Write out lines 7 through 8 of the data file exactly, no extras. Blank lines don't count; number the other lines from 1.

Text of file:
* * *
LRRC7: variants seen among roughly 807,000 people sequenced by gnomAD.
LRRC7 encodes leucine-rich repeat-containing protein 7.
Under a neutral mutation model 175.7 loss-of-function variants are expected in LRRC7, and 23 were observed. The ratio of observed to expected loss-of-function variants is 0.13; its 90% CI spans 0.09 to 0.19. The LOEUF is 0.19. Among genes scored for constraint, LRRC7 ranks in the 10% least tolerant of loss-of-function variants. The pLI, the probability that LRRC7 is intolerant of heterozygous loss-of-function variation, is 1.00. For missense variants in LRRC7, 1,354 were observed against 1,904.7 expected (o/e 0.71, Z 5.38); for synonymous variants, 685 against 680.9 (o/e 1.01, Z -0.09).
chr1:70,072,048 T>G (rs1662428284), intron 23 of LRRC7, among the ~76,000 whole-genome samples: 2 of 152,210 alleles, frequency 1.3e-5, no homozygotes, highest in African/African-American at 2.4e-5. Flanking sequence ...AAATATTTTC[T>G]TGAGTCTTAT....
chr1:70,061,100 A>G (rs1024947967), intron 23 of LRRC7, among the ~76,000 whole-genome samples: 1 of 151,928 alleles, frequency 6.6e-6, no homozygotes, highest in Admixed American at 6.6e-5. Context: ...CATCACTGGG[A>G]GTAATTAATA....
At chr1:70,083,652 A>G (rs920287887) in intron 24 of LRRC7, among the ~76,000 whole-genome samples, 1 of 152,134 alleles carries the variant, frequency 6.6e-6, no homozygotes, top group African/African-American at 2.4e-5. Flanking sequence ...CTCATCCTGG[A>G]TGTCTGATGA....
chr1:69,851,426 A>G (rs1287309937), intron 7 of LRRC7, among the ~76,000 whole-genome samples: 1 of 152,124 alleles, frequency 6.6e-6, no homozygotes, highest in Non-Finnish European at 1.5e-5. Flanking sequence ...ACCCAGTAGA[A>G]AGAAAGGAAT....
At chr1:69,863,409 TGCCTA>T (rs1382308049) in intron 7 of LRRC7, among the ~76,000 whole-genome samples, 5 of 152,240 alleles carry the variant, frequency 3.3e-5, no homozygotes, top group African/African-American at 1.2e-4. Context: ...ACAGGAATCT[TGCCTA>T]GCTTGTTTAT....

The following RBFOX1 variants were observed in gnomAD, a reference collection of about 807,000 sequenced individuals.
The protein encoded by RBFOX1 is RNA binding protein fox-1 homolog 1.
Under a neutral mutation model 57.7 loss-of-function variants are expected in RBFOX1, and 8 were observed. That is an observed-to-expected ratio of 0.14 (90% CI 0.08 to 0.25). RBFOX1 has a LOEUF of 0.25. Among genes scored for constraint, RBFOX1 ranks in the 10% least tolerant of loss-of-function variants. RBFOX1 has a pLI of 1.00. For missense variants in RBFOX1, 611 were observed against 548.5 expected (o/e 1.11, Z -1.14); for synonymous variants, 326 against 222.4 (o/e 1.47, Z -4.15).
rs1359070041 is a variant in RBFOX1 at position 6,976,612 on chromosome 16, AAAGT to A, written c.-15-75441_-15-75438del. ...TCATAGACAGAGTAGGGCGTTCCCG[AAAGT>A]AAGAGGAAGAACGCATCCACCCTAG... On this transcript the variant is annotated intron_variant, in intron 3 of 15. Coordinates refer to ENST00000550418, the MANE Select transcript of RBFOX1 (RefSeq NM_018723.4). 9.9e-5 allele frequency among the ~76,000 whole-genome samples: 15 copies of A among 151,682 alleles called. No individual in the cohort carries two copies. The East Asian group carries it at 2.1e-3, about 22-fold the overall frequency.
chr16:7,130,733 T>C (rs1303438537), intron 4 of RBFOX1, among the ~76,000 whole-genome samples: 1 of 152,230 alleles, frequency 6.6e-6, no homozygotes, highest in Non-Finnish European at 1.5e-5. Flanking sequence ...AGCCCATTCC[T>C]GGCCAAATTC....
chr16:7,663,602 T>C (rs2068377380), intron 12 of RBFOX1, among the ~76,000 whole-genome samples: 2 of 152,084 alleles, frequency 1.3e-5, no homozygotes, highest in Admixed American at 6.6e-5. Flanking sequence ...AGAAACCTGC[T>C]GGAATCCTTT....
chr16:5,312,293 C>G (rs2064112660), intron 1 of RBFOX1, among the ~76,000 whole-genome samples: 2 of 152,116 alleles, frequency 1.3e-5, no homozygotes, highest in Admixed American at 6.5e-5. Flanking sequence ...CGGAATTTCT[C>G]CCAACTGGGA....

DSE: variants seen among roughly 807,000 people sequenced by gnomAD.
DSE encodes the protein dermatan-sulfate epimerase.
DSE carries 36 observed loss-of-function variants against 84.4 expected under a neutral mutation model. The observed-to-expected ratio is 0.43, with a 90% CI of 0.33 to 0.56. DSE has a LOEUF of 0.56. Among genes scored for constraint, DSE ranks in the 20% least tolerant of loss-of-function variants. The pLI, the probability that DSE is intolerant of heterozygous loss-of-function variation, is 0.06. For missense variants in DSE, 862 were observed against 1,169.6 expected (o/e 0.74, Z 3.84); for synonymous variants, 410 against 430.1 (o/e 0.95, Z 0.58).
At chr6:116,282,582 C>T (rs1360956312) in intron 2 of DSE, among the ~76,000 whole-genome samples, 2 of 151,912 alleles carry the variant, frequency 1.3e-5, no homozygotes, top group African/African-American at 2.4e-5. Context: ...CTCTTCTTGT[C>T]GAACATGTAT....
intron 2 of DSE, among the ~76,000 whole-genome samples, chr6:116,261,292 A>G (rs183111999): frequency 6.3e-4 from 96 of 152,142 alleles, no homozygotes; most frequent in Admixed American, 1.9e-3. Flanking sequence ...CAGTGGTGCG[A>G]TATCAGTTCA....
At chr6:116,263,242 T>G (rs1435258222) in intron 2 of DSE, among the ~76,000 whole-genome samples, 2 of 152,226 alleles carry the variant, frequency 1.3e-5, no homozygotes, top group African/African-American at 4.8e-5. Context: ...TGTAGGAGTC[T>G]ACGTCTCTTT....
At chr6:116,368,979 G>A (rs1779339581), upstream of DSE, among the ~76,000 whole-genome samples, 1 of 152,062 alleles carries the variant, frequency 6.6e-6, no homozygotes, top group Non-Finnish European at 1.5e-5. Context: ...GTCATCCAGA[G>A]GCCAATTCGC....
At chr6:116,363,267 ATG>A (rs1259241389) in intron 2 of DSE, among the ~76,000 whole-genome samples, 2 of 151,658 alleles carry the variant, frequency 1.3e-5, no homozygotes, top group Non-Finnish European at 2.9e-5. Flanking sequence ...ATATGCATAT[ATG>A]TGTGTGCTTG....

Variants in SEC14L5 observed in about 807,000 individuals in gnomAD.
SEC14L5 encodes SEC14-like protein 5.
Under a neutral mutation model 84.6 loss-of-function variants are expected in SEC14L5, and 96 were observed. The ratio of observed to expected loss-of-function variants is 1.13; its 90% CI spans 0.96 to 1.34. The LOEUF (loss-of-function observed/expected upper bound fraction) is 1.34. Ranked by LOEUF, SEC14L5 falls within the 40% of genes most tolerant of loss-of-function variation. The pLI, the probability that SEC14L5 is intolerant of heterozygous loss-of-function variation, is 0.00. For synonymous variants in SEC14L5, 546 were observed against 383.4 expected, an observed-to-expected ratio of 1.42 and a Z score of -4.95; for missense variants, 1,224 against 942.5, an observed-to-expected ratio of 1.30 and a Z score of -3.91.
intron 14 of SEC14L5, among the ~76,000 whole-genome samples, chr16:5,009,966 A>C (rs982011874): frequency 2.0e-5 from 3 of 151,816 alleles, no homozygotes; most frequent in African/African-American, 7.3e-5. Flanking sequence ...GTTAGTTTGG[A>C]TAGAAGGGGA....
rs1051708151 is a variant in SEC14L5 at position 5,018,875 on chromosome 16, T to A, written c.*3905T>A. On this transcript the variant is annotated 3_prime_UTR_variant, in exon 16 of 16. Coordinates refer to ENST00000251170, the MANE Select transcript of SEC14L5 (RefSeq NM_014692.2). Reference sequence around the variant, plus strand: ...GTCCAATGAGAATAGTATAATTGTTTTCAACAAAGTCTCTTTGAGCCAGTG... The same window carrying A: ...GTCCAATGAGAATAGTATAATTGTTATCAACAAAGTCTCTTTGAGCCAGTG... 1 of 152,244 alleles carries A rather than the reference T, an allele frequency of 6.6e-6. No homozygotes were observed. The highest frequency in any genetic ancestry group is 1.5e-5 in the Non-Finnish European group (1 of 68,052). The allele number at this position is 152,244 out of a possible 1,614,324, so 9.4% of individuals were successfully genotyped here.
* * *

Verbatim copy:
chr1:69,851,426 A>G (rs1287309937), intron 7 of LRRC7, among the ~76,000 whole-genome samples: 1 of 152,124 alleles, frequency 6.6e-6, no homozygotes, highest in Non-Finnish European at 1.5e-5. Flanking sequence ...ACCCAGTAGA[A>G]AGAAAGGAAT....
At chr1:69,863,409 TGCCTA>T (rs1382308049) in intron 7 of LRRC7, among the ~76,000 whole-genome samples, 5 of 152,240 alleles carry the variant, frequency 3.3e-5, no homozygotes, top group African/African-American at 1.2e-4. Context: ...ACAGGAATCT[TGCCTA>T]GCTTGTTTAT....